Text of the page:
ISLAMABAD, Pakistan -- In separate deadly attacks yesterday, a suicide bomber killed the army's surgeon general and seven other people, and gunmen burst into the offices of a British-based aid group in northwest Pakistan, shooting four local staffers to death and burning down their building.
The assaults, both blamed on Islamic militants, were the most serious outbreak of violence since parliamentary elections a week earlier, in which the ruling party affiliated with President Pervez Musharraf was routed by two main opposition parties.
Taken together, the attacks were an ominous sign that the new coalition government being formed by the election winners might have little more quarter from Islamic insurgents than has the current administration.
In the attack that killed Lt. Gen. Mushtaq Ahmed Baig, the army's top medical officer, a suicide bomber disguised as a street beggar approached the general's car on foot on a busy street in the garrison town of Rawalpindi, authorities said.
Baig was the most senior army official to die in an attack by militants during the six years that Pakistan has been allied with the United States in the fight against Islamic militants.
The bombing was the latest in a string of attacks in Rawalpindi, the seat of the Pakistani military just south of the capital, Islamabad. Despite tight security inside the military area, attackers have frequently targeted army personnel, including intelligence and security officials, on their way to or from their jobs.
The city was also the scene of the Dec. 27 assassination of opposition leader Benazir Bhutto. Her Pakistan People's Party, now led by her husband, Asif Ali Zardari, won the largest share of votes in the Feb. 18 elections.
Bhutto's party has said it will ally itself with the other main opposition party, the Pakistan Muslim League-N, led by former Prime Minister Nawaz Sharif.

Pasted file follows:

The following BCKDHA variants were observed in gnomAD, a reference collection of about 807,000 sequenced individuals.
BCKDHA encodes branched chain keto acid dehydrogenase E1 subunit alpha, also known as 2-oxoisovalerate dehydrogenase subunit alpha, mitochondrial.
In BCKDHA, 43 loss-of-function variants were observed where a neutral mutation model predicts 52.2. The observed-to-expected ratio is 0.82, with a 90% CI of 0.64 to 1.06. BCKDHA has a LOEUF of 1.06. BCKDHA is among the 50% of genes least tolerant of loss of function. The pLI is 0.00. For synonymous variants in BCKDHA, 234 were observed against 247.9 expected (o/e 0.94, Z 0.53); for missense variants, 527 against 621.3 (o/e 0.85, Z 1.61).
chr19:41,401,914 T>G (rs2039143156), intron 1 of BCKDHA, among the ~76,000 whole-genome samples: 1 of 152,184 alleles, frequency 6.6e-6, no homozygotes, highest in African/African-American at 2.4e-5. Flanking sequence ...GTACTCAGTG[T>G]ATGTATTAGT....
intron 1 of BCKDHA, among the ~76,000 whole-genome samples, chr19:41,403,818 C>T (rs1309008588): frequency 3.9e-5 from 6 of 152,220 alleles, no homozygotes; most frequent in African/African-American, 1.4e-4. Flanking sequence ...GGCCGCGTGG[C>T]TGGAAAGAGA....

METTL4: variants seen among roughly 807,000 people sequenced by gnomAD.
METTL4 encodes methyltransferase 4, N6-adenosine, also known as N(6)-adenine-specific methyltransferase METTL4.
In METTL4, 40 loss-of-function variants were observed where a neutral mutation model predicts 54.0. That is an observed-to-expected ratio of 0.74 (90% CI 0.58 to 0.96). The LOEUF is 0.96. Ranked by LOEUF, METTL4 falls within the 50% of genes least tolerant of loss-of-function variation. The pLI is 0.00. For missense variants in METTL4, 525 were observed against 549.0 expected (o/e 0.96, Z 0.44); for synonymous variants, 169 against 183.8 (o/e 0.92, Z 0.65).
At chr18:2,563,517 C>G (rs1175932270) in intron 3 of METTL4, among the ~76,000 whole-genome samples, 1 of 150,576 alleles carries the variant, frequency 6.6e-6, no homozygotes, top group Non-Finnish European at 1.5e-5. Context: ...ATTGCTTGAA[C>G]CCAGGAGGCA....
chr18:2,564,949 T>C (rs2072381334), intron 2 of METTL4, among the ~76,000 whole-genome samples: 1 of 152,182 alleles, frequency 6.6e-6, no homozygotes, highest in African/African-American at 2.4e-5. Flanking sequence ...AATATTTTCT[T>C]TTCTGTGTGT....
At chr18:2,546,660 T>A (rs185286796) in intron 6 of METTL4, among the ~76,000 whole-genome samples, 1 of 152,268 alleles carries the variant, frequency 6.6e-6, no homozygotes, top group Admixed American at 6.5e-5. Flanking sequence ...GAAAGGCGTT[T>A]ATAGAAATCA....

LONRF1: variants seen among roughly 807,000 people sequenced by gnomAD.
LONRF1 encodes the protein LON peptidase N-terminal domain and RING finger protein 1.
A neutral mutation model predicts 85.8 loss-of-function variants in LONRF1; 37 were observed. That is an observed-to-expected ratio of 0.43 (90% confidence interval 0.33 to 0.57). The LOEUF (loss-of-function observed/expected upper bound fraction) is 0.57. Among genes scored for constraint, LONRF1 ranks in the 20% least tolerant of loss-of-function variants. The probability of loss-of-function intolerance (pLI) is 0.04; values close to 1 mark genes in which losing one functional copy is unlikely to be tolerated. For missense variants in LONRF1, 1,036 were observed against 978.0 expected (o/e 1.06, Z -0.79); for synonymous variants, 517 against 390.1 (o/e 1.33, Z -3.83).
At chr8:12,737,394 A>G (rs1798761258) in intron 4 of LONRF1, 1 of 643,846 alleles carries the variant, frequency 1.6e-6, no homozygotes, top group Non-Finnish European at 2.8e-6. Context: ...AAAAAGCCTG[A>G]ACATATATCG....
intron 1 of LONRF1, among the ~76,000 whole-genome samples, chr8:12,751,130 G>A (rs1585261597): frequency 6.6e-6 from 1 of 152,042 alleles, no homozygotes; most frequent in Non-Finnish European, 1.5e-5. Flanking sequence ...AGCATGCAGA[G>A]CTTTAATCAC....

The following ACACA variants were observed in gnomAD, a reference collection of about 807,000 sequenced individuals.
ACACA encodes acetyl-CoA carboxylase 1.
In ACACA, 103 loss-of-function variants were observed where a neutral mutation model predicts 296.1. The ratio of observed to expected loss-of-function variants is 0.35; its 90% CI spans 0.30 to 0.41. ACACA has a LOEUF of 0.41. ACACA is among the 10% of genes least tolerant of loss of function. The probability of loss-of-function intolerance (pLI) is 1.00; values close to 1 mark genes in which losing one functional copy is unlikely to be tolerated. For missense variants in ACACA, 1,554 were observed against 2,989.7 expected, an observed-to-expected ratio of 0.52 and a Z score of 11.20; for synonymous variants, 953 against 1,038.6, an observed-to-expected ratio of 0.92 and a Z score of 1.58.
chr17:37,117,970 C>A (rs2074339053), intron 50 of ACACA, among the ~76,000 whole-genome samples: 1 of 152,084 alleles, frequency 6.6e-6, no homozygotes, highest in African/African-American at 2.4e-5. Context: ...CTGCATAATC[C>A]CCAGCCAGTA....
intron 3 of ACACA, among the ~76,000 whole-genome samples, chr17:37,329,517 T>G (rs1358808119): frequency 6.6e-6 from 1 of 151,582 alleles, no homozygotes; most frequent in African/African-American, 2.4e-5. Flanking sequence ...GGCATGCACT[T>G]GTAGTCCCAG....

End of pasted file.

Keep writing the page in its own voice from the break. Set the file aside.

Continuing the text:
Sharif, seconded less stridently by Zardari, is demanding Musharraf's ouster and the reinstatement of senior judges fired by the unpopular president late last year. The two parties, together with other parties, are still engaged in coalition negotiations and could name a prime ministerial candidate as soon as next week.
The new government will face an Islamic insurgency that has been particularly fierce in Pakistan's northwest, near the Afghan border. Western-based and Pakistani aid groups operating in the area have often been threatened by radical groups.
Yesterday's attack in the town of Mansehra targeted the offices of Plan International, a British group that concentrates on community-based mother and child care.
Witnesses said up to a dozen gunmen burst into the offices, firing at staffers with assault rifles before tossing grenades into the parking lot, setting vehicles ablaze. The building then caught fire as well. In addition to the four staffers killed, another eight people were injured, witnesses and officials said.
In the Rawalpindi attack, the bomber positioned himself on a busy road choked with midafternoon traffic and apparently waited for a target to approach, said the chief military spokesman, Maj. Gen. Athar Abbas.
Baig was riding in his official vehicle, which was stopped at a red light when the attacker struck.
The general's bodyguard and driver were killed in the blast, together with five motorists or passengers in nearby cars. More than two dozen passers-by were injured.
Suicide bombings have intensified in Pakistan during the past year, at a pace that drastically quickened after the storming of a radical mosque in the capital in July by government commandos. More than 100 people died in that assault, and a wide range of radical groups swore to take revenge on the government and the security forces.
Interior Ministry spokesman Javed Iqbal Cheema said the bomber in yesterday's attack in Rawalpindi was believed to be a teenager. Radical madrasas, or religious seminaries, have been prime recruiting grounds for militant groups.
Laura King writes for the Los Angeles Times.